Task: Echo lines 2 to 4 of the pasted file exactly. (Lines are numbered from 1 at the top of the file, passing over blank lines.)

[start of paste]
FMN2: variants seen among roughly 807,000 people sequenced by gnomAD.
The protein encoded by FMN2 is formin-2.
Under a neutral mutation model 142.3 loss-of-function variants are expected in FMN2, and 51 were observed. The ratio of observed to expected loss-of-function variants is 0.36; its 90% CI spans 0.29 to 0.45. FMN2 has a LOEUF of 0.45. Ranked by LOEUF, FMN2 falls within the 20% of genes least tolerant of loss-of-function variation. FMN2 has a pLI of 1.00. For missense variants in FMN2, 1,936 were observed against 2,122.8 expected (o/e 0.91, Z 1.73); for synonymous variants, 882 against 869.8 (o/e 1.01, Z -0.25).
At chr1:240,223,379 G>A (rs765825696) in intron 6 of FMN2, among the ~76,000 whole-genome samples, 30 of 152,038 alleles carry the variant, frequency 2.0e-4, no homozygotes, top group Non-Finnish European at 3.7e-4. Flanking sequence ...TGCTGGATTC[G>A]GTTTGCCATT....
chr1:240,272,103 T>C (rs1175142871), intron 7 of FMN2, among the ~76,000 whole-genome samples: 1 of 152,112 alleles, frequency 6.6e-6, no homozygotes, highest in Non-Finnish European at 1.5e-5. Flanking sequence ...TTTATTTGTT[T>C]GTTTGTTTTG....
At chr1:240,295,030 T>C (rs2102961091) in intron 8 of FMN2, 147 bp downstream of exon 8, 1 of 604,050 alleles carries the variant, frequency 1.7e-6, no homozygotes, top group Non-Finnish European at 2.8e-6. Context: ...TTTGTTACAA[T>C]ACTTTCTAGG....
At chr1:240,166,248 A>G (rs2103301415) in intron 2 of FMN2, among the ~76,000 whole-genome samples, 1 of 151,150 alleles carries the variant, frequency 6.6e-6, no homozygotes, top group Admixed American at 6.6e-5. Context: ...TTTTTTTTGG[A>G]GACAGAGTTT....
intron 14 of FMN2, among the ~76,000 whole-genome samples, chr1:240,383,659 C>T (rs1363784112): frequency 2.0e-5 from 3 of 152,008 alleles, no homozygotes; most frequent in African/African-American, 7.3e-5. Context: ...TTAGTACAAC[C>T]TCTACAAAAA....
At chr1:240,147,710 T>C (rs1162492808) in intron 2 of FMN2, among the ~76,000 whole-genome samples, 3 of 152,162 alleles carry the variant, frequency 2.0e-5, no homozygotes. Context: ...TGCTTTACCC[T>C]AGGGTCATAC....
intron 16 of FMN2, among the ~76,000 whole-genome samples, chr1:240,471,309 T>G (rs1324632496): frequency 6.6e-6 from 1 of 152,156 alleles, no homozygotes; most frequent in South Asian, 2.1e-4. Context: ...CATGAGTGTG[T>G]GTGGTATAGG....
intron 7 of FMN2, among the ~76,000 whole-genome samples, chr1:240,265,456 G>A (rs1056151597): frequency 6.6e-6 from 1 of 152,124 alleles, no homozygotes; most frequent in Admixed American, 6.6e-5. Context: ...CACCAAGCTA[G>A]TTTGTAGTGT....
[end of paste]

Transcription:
The protein encoded by FMN2 is formin-2.
Under a neutral mutation model 142.3 loss-of-function variants are expected in FMN2, and 51 were observed. The ratio of observed to expected loss-of-function variants is 0.36; its 90% CI spans 0.29 to 0.45. FMN2 has a LOEUF of 0.45. Ranked by LOEUF, FMN2 falls within the 20% of genes least tolerant of loss-of-function variation. FMN2 has a pLI of 1.00. For missense variants in FMN2, 1,936 were observed against 2,122.8 expected (o/e 0.91, Z 1.73); for synonymous variants, 882 against 869.8 (o/e 1.01, Z -0.25).
At chr1:240,223,379 G>A (rs765825696) in intron 6 of FMN2, among the ~76,000 whole-genome samples, 30 of 152,038 alleles carry the variant, frequency 2.0e-4, no homozygotes, top group Non-Finnish European at 3.7e-4. Flanking sequence ...TGCTGGATTC[G>A]GTTTGCCATT....